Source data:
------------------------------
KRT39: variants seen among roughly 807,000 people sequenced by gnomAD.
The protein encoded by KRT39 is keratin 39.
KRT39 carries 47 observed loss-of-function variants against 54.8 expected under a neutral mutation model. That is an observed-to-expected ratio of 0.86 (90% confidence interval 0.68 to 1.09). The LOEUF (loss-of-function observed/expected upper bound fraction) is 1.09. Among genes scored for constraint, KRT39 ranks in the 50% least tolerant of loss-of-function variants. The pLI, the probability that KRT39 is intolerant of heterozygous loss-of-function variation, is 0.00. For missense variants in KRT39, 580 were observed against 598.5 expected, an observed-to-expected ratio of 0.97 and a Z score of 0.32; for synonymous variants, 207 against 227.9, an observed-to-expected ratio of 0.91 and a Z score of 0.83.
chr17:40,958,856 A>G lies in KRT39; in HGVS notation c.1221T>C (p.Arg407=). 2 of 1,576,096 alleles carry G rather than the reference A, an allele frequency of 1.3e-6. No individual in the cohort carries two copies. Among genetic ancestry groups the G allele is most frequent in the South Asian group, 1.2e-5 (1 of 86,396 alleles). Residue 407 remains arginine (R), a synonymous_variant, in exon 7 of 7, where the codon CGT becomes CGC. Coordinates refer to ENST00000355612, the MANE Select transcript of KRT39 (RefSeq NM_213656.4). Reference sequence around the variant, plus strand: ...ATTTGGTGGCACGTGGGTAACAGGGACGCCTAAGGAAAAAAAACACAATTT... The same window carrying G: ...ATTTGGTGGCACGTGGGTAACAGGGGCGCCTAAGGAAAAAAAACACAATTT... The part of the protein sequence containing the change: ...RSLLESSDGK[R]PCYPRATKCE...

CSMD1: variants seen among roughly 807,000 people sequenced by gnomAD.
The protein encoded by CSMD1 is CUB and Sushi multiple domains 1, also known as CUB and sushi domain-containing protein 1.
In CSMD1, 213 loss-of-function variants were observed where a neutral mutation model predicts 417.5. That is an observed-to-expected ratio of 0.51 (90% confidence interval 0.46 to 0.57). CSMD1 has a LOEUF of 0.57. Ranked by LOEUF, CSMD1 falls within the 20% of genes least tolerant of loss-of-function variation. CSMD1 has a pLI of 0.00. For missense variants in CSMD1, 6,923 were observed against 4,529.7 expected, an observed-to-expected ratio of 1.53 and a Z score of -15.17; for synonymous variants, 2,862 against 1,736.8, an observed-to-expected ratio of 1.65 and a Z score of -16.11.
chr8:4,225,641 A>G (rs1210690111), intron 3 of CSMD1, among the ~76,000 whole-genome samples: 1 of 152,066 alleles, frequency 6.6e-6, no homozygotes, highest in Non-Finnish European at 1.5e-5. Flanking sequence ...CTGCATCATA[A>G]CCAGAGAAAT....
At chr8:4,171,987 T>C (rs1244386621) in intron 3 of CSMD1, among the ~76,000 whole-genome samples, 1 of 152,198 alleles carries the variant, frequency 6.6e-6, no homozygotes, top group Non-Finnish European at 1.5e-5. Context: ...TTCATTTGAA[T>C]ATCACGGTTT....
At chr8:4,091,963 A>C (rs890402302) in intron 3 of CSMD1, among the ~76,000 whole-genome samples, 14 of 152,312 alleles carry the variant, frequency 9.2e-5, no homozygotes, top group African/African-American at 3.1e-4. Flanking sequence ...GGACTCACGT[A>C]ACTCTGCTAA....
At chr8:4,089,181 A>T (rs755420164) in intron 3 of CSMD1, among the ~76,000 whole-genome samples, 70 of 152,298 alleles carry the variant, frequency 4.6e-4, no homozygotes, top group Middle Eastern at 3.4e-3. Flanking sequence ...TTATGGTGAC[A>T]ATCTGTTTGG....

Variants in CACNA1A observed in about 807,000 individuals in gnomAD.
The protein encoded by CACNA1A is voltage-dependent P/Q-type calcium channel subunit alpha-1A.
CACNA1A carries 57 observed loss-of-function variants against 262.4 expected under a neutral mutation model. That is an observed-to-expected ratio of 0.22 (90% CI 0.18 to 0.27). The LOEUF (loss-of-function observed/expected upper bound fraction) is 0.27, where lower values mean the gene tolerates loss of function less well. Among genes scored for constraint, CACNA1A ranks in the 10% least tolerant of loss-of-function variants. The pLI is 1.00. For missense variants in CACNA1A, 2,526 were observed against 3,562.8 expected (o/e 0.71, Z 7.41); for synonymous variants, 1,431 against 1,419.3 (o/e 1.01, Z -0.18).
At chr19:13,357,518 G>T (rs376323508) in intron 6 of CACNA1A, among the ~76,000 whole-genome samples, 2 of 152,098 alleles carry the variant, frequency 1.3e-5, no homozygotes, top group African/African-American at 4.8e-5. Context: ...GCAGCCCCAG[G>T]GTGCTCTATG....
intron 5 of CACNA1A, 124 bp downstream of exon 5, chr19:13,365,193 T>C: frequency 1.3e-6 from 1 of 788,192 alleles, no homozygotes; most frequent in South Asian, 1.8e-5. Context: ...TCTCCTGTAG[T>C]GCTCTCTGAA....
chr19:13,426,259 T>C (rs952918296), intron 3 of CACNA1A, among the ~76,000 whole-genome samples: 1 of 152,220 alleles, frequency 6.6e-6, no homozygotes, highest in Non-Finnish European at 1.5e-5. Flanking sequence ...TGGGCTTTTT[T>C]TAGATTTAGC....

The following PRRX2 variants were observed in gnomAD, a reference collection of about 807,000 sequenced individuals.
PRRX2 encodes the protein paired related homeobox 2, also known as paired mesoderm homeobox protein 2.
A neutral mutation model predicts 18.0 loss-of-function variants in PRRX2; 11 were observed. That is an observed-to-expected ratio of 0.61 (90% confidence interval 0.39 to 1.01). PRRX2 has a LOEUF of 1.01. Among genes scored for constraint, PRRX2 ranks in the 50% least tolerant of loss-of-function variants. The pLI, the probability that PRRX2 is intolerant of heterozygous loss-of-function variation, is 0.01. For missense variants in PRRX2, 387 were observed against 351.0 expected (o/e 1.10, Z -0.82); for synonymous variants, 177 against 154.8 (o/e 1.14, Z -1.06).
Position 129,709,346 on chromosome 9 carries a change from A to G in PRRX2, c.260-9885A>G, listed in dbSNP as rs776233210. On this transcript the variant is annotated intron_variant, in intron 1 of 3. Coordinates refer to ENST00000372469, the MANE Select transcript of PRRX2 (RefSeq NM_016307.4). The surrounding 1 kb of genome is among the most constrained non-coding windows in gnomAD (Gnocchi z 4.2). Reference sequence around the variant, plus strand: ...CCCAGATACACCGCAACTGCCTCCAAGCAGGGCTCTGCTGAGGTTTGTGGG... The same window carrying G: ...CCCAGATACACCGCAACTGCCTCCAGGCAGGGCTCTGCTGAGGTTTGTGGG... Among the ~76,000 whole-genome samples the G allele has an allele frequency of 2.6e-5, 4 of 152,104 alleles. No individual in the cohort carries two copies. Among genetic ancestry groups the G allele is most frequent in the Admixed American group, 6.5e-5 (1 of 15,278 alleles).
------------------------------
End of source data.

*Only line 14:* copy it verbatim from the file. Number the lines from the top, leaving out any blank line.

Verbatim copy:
CACNA1A carries 57 observed loss-of-function variants against 262.4 expected under a neutral mutation model. That is an observed-to-expected ratio of 0.22 (90% CI 0.18 to 0.27). The LOEUF (loss-of-function observed/expected upper bound fraction) is 0.27, where lower values mean the gene tolerates loss of function less well. Among genes scored for constraint, CACNA1A ranks in the 10% least tolerant of loss-of-function variants. The pLI is 1.00. For missense variants in CACNA1A, 2,526 were observed against 3,562.8 expected (o/e 0.71, Z 7.41); for synonymous variants, 1,431 against 1,419.3 (o/e 1.01, Z -0.18).